Serum opens tight junctions and reduces ZO-1 protein in retinal epithelial cells

Chih Wei Chang, Xiliang Wang, Ruth B. Caldwell

Research output: Contribution to journalArticlepeer-review

38 Scopus citations


We have shown previously that serum inhibits tight junction formation in a retinal epithelial cell culture model for the blood-brain barrier. We have now examined in detail the effects of serum on the tight junctions. Our data show that serum induces a breakdown in tight junction function as indicated by decreased transepithelial electrical resistance and increased permeability. Rat serum had effects similar to those of bovine serum, indicating that the activity is species-independent. The effect is concentration-dependent, reversible, and specific for the apical surface, suggesting the involvement of a specific receptor-ligand interaction. Differences in the time course, response magnitude, and structural manifestations between the serum-induced breakdown and that induced by switching the cultures to a low-calcium medium suggest fundamental differences in their mechanisms. The calcium switch results in an immediate and complete junctional breakdown with cell retraction and perinuclear translocation of both actin and the tight junction protein zonula occludens- 1. The serum-induced breakdown occurs slowly, is incomplete, and is manifested structurally by decreases in zonula occludens-1 protein, whereas actin organization is unchanged. Thus, serum induces a specific breakdown in retinal epithelial cell tight junctions that may be mediated by effects on the expression of zonula occludens-1.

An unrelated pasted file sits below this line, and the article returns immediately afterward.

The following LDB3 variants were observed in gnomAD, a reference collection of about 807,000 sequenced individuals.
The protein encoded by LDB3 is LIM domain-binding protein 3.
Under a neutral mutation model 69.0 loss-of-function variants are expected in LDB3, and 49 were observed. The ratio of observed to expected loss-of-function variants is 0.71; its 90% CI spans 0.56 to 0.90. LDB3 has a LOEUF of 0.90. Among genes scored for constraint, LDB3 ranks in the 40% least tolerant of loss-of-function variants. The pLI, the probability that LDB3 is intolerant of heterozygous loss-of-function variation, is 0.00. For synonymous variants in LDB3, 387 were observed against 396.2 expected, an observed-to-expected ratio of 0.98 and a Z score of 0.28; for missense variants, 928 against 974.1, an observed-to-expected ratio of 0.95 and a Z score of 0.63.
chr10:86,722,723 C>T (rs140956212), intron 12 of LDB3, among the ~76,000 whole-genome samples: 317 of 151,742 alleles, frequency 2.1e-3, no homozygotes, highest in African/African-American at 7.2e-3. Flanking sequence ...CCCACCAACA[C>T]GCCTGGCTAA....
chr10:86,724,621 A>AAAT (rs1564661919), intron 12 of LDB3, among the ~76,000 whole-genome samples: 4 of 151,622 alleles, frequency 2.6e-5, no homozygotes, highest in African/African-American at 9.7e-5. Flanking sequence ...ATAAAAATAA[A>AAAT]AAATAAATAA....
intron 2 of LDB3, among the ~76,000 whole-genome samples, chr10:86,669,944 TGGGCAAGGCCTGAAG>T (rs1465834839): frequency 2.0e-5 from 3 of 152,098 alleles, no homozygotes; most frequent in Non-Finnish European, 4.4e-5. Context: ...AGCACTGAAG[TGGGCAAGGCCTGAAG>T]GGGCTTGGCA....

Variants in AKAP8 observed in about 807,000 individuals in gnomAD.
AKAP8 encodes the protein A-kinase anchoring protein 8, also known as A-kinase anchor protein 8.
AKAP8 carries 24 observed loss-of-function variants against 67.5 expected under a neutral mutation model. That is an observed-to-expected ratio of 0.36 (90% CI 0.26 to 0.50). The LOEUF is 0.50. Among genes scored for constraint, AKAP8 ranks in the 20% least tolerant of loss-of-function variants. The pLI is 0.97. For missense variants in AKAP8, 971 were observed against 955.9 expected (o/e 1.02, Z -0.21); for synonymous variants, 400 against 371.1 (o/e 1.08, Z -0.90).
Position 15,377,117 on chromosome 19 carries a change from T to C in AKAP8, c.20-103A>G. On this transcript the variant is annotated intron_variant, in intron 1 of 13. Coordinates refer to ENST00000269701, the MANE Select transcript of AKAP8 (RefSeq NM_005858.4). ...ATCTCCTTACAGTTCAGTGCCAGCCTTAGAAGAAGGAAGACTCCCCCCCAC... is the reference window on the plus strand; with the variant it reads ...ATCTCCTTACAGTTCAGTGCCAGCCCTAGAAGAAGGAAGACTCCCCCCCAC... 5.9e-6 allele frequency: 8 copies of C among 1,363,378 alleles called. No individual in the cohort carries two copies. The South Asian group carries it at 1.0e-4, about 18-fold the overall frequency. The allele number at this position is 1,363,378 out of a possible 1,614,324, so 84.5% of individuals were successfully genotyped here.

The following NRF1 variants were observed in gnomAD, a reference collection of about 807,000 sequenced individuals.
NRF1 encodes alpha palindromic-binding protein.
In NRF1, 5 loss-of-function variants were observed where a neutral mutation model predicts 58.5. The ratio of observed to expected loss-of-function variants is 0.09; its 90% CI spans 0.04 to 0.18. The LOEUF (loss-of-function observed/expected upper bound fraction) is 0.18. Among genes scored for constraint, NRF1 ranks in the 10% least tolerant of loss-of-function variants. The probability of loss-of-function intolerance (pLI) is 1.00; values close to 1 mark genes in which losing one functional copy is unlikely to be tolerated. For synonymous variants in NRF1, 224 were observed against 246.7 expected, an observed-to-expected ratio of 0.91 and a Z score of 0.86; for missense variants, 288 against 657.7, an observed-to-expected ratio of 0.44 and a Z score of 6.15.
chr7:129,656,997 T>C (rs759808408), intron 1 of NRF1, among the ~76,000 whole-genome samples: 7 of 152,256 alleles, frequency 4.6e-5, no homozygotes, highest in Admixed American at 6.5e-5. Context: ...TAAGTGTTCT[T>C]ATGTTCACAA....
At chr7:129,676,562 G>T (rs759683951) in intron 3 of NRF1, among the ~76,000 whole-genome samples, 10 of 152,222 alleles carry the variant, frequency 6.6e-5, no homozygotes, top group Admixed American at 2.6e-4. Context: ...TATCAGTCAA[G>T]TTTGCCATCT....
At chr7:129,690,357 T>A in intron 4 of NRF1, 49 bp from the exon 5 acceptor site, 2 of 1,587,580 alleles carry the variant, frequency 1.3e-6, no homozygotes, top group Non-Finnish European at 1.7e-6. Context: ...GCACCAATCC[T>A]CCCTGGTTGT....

Original languageEnglish (US)
Pages (from-to)859-867
Number of pages9
JournalJournal of Neurochemistry
Issue number2
StatePublished - Aug 1997


  • Blood-brain barrier
  • Cell culture
  • Intercellular junctions
  • Retinal pigment epithelium
  • Serum
  • Tight junctions

ASJC Scopus subject areas

  • Biochemistry
  • Cellular and Molecular Neuroscience


Dive into the research topics of 'Serum opens tight junctions and reduces ZO-1 protein in retinal epithelial cells'. Together they form a unique fingerprint.

Cite this